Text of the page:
A new set of guidelines will educate GPs on how to handle patients asking for medication to treat the common cold
Every year, many patients in the UK turn to their doctor for assistance when they have a cold; NICE and Public Health England have now released guidelines on how GPs can handle this influx when the colder months draw close.
The guidelines state that GPs should recommend honey and simple, over-the-country medicines for colds, as they alleviate the symptoms. Colds do go away on their own after two or three weeks.
As for antibiotics, GPs should avoid prescribing them – not only because antibiotic resistance is a real problem, but because they rarely help with illnesses like a cold.
There is now (albeit limited) evidence that honey improves cough symptoms, as well as any medicines containing pelargonium, guaifenesin or dextromethorphan.
GPs are to advise patients to wait out the symptoms and rest, and to educate them on the fact that doctors can rarely help. Despite it being reasonably common knowledge that the common cold is a type of virus – and, therefore, untreatable using antibiotics – research has found that 48% of GPs in the UK have prescribed them for coughs or bronchitis.
According to BBC.co.uk Dr Susan Hopkins, a deputy director at PHE, said:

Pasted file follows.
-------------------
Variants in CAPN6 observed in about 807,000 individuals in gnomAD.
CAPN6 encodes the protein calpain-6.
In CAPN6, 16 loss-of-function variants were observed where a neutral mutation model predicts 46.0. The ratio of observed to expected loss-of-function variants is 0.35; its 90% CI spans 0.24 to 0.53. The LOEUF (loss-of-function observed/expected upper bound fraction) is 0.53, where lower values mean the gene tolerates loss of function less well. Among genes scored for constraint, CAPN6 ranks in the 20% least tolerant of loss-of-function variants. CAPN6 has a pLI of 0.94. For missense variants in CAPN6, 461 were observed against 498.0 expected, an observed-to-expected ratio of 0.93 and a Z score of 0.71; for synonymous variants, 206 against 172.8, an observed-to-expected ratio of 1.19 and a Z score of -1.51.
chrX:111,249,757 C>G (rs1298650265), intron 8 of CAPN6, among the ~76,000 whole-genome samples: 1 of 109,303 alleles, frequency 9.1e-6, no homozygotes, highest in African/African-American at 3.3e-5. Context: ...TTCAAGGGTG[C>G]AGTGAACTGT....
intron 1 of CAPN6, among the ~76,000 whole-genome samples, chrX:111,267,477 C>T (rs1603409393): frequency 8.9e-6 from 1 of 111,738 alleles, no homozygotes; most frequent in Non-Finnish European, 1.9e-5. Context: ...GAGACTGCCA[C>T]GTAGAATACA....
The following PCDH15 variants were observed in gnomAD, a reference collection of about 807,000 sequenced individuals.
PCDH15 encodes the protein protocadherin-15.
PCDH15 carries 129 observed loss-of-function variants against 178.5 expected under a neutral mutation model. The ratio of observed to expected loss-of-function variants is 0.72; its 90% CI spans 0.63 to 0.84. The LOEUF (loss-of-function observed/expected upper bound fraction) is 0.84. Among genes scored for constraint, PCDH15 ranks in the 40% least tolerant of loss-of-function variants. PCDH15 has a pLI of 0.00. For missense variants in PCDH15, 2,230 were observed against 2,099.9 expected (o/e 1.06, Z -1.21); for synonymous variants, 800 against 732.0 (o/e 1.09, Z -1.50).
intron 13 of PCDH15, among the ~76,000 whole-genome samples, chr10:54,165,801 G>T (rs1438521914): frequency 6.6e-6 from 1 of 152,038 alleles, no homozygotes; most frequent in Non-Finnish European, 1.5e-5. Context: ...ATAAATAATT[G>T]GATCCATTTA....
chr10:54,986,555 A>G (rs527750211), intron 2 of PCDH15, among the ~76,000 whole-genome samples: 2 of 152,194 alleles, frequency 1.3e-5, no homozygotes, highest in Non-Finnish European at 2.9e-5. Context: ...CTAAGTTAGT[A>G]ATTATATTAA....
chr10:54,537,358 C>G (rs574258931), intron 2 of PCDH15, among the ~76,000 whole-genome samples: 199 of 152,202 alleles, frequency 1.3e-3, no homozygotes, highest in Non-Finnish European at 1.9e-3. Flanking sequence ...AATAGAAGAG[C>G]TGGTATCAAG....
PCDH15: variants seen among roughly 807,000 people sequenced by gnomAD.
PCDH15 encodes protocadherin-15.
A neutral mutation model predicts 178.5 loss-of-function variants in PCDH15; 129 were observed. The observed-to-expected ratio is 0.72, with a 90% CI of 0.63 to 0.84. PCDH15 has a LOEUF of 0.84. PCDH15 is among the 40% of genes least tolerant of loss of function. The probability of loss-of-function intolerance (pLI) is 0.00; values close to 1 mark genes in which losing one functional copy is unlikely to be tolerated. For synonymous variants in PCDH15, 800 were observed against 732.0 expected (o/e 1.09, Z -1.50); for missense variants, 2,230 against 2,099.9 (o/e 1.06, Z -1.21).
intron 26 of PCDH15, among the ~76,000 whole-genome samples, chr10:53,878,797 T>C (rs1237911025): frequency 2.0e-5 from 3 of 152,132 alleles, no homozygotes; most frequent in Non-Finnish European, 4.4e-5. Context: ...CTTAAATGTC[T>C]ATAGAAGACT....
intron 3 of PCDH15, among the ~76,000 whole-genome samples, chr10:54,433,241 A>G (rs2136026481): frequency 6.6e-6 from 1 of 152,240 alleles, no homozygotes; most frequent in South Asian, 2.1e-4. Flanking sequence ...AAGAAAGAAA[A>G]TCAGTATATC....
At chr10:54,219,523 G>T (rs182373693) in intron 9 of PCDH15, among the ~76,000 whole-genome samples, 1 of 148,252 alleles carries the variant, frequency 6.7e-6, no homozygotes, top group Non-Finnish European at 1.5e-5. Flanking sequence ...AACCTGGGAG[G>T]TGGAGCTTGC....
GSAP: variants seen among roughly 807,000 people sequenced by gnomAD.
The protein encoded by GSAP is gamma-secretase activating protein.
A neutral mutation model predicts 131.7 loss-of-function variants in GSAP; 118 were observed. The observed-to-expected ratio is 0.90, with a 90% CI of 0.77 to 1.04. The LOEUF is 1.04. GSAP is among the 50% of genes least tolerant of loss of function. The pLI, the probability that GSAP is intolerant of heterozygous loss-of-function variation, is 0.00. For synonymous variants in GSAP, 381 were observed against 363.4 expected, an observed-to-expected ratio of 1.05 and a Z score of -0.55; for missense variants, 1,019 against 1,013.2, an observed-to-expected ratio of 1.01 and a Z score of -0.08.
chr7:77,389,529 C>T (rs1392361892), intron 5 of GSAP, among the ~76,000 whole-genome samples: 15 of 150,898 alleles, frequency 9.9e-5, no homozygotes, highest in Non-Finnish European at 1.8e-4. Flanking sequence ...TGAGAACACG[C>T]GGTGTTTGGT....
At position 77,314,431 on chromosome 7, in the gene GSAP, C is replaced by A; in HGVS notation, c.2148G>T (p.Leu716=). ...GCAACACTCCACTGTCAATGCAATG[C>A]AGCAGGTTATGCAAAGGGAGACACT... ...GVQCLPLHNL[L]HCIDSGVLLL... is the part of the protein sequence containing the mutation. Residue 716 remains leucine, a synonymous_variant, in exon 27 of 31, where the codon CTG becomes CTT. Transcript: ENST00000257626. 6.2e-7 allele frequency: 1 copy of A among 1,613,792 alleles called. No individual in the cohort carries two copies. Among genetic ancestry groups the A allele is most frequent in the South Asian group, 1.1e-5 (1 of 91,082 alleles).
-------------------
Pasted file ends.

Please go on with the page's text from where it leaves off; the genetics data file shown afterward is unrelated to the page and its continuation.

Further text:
“Antibiotic resistance is a huge problem, and we need to take action now to reduce antibiotic use…
“These new guidelines will support GPs to reduce antibiotic prescriptions and we encourage patients to take their GP’s advice about self-care.”
A cough can, of course, be an indication of a more severe issue, but there are still steps patients can take that won’t involve taking up GPs’ valuable time.
Dr Tessa Lewis, GP and chair of the antimicrobial prescribing guideline group, said:
“People can check their symptoms on NHS Choices or NHS Direct Wales or ask their pharmacist for advice.
“If the cough is getting worse rather than better, or the person feels very unwell or breathless, then they would need to contact their GP.”
Public Health England and NHS are putting together a comprehensive report regarding antibiotic prescriptions, in order to limit them and slow down the public’s resistance.